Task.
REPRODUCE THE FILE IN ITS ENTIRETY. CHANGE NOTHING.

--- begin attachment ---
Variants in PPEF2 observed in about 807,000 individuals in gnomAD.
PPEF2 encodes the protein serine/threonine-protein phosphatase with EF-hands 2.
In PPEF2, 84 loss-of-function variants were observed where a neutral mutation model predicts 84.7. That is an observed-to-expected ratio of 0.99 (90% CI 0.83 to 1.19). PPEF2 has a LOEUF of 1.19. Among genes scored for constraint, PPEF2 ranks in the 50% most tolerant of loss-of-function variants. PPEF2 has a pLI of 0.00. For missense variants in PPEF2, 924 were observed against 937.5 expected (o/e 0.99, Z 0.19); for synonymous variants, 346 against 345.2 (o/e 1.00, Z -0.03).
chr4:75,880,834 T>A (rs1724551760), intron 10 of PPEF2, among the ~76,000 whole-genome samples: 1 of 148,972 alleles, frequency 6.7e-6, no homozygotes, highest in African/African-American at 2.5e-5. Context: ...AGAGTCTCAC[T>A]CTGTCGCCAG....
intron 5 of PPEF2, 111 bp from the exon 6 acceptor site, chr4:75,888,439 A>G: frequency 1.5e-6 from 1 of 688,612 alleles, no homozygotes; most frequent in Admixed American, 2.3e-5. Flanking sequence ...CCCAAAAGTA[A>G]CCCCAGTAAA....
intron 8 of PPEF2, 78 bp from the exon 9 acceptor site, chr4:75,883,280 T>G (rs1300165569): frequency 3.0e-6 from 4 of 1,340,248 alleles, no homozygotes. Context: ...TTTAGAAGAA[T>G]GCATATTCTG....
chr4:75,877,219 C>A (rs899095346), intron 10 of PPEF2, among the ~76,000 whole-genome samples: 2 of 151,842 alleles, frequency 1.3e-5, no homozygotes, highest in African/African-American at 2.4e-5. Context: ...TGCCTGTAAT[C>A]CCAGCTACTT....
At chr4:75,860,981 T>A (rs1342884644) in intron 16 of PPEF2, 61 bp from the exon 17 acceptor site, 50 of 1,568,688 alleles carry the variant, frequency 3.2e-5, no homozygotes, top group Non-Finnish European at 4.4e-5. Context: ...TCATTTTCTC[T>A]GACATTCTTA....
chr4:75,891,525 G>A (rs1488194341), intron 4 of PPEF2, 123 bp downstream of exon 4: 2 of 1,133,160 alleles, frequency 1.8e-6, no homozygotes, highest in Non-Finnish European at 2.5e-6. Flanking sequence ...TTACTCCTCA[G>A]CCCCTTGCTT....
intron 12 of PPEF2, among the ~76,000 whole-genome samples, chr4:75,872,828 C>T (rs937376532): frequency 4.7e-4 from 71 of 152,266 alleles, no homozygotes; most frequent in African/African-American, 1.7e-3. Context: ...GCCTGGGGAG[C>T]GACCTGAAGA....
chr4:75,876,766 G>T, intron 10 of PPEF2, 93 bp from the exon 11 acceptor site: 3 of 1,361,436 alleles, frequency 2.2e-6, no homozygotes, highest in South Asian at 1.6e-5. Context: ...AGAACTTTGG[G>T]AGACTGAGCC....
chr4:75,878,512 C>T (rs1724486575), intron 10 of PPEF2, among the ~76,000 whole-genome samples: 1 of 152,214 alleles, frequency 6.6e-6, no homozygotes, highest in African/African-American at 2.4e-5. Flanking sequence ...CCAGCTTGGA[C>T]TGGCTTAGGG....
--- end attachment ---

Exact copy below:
Variants in PPEF2 observed in about 807,000 individuals in gnomAD.
PPEF2 encodes the protein serine/threonine-protein phosphatase with EF-hands 2.
In PPEF2, 84 loss-of-function variants were observed where a neutral mutation model predicts 84.7. That is an observed-to-expected ratio of 0.99 (90% CI 0.83 to 1.19). PPEF2 has a LOEUF of 1.19. Among genes scored for constraint, PPEF2 ranks in the 50% most tolerant of loss-of-function variants. PPEF2 has a pLI of 0.00. For missense variants in PPEF2, 924 were observed against 937.5 expected (o/e 0.99, Z 0.19); for synonymous variants, 346 against 345.2 (o/e 1.00, Z -0.03).
chr4:75,880,834 T>A (rs1724551760), intron 10 of PPEF2, among the ~76,000 whole-genome samples: 1 of 148,972 alleles, frequency 6.7e-6, no homozygotes, highest in African/African-American at 2.5e-5. Context: ...AGAGTCTCAC[T>A]CTGTCGCCAG....
intron 5 of PPEF2, 111 bp from the exon 6 acceptor site, chr4:75,888,439 A>G: frequency 1.5e-6 from 1 of 688,612 alleles, no homozygotes; most frequent in Admixed American, 2.3e-5. Flanking sequence ...CCCAAAAGTA[A>G]CCCCAGTAAA....
intron 8 of PPEF2, 78 bp from the exon 9 acceptor site, chr4:75,883,280 T>G (rs1300165569): frequency 3.0e-6 from 4 of 1,340,248 alleles, no homozygotes. Context: ...TTTAGAAGAA[T>G]GCATATTCTG....
chr4:75,877,219 C>A (rs899095346), intron 10 of PPEF2, among the ~76,000 whole-genome samples: 2 of 151,842 alleles, frequency 1.3e-5, no homozygotes, highest in African/African-American at 2.4e-5. Context: ...TGCCTGTAAT[C>A]CCAGCTACTT....
At chr4:75,860,981 T>A (rs1342884644) in intron 16 of PPEF2, 61 bp from the exon 17 acceptor site, 50 of 1,568,688 alleles carry the variant, frequency 3.2e-5, no homozygotes, top group Non-Finnish European at 4.4e-5. Context: ...TCATTTTCTC[T>A]GACATTCTTA....
chr4:75,891,525 G>A (rs1488194341), intron 4 of PPEF2, 123 bp downstream of exon 4: 2 of 1,133,160 alleles, frequency 1.8e-6, no homozygotes, highest in Non-Finnish European at 2.5e-6. Flanking sequence ...TTACTCCTCA[G>A]CCCCTTGCTT....
intron 12 of PPEF2, among the ~76,000 whole-genome samples, chr4:75,872,828 C>T (rs937376532): frequency 4.7e-4 from 71 of 152,266 alleles, no homozygotes; most frequent in African/African-American, 1.7e-3. Context: ...GCCTGGGGAG[C>T]GACCTGAAGA....
chr4:75,876,766 G>T, intron 10 of PPEF2, 93 bp from the exon 11 acceptor site: 3 of 1,361,436 alleles, frequency 2.2e-6, no homozygotes, highest in South Asian at 1.6e-5. Context: ...AGAACTTTGG[G>T]AGACTGAGCC....
chr4:75,878,512 C>T (rs1724486575), intron 10 of PPEF2, among the ~76,000 whole-genome samples: 1 of 152,214 alleles, frequency 6.6e-6, no homozygotes, highest in African/African-American at 2.4e-5. Flanking sequence ...CCAGCTTGGA[C>T]TGGCTTAGGG....